Wednesday, July 30, 2008
Joe Dallesandro's Biography
One of the 10 most beautiful men Scavullo said he ever photographed. The "Little Joe" of Lou Reed's "Walk on the Wild Side." The Valentino of the Underground. The crotch on the Sticky Fingers album cover. The only guy at the party willing to return a punch from Norman Mailer. The actor whose performance made George Cukor understand what it meant to be a drug addict. The beauty wily enough to catch a fainting Tennessee Williams and then get out of the hotel bedroom while the going was good.
The naked guy in those Andy Warhol movies.
Okay, so they weren't really Andy Warhol movies. They were Paul Morrissey movies. Andy had all but stopped shooting films after he was himself shot by a crazed feminist in June of 1968. So, the naked guy in those Paul Morrissey movies, the gorgeous young man whose body spoke volumes; spoke so loudly, in fact, that lots of folks didn't realize the kid could act until they watched the films a second or third time.
These are distinctions that don't necessarily make Joe Dallesandro proud. Nor do they cause him to hide his head in shame. At 18, he was an unlikely pioneer, the first film actor to be overtly worshipped as a nude sex symbol. As to the young man himself, he couldn't have cared less. He was just doing his job. Clothed or unclothed didn't seem to bother him. Besides, who the hell would see these movies anyway?
Joe Dallesandro was born in Pensacola, FL in 1948 to teenaged parents, a father who was stationed at the Naval base and a mother who would serve time for grand larceny when Joe was just five. By then, his dad didn’t think he could handle raising Joe and Joe’s little brother Robert on his own. Both of the boys were placed into an adoption facility in New York and then brought up in a series of foster homes. Joe was a troublemaker at school, his difficulties compounded by his short stature and even shorter temper. It also didn’t help that one of the families ran their home like Fagin’s in Oliver Twist, entreating the kids in their care to ransack neighborhood buildings.
A frequent runaway, largely to get his absent father’s attention, Joe found his allegiances and surrogate family among gangs of his peers on the streets. His father eventually planted both Joe and his brother at their grandparents’ house in Queens, but even there, outside their purview, he enjoyed a life of petty thieving and vandalism, then moved on to stealing cars for kicks.
Fairly good at his trade, he had the misfortune to be driving a stolen vehicle while approaching the Holland Tunnel and decided to crash the tollgate. A police chase ensued, resulting in the 15-year old getting a slug in the right leg, just above the kneecap. Sentenced to Camp Cass, a juvenile rehabilitation facility in the Catskills, he earned fifty cents a day cutting down trees. It was here that a ritual among disenfranchised boys begat his famous “Little Joe” tattoo, a trademark looked for by fans in all of his films, and assured longevity by Joe’s persistence in going over the lines again and again and again with his little needle dipped in India ink.
He escaped from Camp Cass after three months and hitchhiked with a friend across country, first down to Juarez, Mexico, where they lived for a spell in a cave, then back up to Los Angeles, where Joe was to find himself the object of particular attention…from other men. He was offered money to pose nude for a little magazine called Physique Pictorial, ostensibly a physical culture and bodybuilding publication, but surely intended for consumption by a gay clientele and run by Bob Mizer, who photographed thousands of young men in tiny posing straps or in the altogether at his compound in LA from 1945-1993. Joe was to become one of Mizer’s most famous models after the fact.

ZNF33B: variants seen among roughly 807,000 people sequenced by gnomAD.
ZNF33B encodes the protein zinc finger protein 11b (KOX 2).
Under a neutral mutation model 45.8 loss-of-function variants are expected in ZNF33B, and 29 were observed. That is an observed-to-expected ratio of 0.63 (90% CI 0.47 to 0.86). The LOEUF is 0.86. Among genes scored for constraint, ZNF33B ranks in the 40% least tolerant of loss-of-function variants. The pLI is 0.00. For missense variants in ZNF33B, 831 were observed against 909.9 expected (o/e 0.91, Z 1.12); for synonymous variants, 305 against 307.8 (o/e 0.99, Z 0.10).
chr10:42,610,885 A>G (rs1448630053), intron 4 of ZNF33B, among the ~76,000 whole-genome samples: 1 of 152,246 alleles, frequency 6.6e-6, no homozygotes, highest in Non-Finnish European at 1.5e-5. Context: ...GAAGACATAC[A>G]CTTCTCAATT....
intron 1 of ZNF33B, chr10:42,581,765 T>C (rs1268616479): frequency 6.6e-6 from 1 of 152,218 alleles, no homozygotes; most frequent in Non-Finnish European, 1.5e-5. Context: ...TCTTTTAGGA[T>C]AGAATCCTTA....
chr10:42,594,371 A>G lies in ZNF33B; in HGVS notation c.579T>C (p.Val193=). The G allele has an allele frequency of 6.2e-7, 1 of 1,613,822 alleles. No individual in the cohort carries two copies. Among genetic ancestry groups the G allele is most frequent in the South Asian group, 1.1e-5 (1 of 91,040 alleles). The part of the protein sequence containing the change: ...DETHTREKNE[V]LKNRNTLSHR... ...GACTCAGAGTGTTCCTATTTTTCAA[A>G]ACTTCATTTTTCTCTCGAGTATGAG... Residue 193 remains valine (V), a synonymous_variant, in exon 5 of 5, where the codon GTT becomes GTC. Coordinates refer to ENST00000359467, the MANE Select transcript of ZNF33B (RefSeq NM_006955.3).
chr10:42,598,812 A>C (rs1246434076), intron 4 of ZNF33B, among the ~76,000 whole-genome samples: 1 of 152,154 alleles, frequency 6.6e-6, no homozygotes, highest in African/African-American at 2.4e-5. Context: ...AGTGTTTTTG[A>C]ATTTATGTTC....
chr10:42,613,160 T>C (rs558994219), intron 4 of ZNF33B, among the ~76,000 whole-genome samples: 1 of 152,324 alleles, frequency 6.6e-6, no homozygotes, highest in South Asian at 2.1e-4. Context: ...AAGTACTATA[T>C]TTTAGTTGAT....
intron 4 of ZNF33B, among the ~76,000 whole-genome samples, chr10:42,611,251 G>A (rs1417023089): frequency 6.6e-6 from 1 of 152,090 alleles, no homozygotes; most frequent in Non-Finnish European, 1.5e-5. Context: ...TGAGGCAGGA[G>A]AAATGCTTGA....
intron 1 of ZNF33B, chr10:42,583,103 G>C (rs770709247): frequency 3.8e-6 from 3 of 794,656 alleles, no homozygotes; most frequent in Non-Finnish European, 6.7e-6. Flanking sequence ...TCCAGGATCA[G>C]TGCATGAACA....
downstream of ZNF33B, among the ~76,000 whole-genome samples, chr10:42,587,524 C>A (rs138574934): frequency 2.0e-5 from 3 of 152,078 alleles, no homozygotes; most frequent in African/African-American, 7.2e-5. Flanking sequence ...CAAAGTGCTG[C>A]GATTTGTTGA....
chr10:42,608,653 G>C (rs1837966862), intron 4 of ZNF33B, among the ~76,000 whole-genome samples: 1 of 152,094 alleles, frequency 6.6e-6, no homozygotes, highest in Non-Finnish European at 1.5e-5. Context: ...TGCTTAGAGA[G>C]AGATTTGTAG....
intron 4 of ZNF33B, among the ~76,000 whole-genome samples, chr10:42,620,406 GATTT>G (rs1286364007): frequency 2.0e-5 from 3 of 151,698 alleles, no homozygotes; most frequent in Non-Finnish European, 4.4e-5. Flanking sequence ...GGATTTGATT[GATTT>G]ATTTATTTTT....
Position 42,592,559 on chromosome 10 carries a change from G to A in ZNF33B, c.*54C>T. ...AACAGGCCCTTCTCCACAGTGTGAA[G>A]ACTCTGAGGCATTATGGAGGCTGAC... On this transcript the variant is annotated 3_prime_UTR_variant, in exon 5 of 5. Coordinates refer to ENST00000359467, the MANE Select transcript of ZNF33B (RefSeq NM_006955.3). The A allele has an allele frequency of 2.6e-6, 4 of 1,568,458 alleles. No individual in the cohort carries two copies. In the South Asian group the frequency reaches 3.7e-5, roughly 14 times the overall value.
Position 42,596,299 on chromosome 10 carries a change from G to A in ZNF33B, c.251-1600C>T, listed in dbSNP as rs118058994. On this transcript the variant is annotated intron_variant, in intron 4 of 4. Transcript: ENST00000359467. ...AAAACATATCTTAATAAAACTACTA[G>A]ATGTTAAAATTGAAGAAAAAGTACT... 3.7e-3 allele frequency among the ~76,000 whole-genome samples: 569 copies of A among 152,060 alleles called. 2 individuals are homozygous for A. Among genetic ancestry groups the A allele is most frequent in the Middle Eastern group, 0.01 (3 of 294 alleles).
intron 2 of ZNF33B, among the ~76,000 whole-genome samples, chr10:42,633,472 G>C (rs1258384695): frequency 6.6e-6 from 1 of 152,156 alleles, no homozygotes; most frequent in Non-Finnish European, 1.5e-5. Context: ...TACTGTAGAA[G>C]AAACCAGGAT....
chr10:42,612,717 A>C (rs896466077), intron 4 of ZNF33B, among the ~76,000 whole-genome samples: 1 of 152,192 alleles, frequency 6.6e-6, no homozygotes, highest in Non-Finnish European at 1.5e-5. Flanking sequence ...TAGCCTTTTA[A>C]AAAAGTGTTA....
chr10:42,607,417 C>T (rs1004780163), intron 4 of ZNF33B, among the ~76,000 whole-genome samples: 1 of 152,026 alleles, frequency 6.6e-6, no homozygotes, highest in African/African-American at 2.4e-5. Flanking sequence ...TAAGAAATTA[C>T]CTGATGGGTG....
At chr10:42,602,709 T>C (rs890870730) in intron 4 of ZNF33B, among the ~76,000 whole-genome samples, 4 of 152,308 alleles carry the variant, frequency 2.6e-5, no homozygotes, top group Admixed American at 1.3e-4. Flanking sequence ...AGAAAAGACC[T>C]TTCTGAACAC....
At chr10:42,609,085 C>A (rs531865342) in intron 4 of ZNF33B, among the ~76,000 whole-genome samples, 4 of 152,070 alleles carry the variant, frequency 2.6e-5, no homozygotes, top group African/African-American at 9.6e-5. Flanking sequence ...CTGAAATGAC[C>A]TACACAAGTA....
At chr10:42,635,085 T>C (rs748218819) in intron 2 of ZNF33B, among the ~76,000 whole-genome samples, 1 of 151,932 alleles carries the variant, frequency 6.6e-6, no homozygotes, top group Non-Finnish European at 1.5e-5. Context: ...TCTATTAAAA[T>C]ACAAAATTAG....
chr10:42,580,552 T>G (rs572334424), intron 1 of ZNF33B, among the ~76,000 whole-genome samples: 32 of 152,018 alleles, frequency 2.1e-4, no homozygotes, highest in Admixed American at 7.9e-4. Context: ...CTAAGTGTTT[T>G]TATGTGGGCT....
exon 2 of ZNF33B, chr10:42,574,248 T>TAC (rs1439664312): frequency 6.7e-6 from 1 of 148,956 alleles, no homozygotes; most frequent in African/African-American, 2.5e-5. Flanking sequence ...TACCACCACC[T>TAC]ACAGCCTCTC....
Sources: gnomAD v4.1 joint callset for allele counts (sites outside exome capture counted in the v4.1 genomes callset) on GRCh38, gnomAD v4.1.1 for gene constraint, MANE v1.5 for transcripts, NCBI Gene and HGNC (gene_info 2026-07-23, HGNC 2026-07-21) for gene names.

As a teen, Joe realized that he could use his good looks to his advantage, though he maintains he never saw himself as particularly attractive, only allowed others to see him as they wanted to see him. He did nude photos for several photographers in the mid-sixties, but was back in New York, unhappily married, and all of 18 when he literally walked into his completely unanticipated career. While visiting a friend in the Village, he heard that the “Campbell’s Soup” guy was making a movie in one of the apartments and so he and the fellas went to watch.
The door was open. The boys poked their heads in and the camera was running…and pointed in their direction. Joe Dallesandro’s first entrance was quite literally that. Andy Warhol and Paul Morrissey were shooting footage for one of their marathon films and weren’t having much luck getting anything they liked. It was Morrissey who then suggested that Joe, the most picturesque of the bunch, step into the scene. Warhol agreed. Joe was approached and decided to get involved. “It looked like a home movie,” he recalled. Already aware that men liked to photograph him, he was perfectly willing to have a go, even when they asked him to strip down to his underwear and wrestle the male lead.
A year later, his footage was included in the 86-minute extract now titled Loves of Ondine (1968), and there was Joe Dallesandro in his jockey shorts smack dab in the middle of the film’s ad in The Village Voice. His 23-minute improvised scene prompted Variety to note: “This Joe Dallesandro is good-looking enough and natural acting enough to have a showbiz career beyond Warhol.”
Beyond Warhol at the time meant Paul Morrissey, because it was Morrissey who tapped into the qualities of this young street kid and became his mentor. Joe wasn’t a talker by nature. Andy liked talkers. Though Joe would play key roles in both Warhol’s Lonesome Cowboys (1969), which was investigated by the FBI for rumors of an on-screen rape and obscenity, and San Diego Surf (1968), the only Warhol feature never released, it’s unlikely he would have come to fruition had it not been for Morrissey’s keen eye for faces.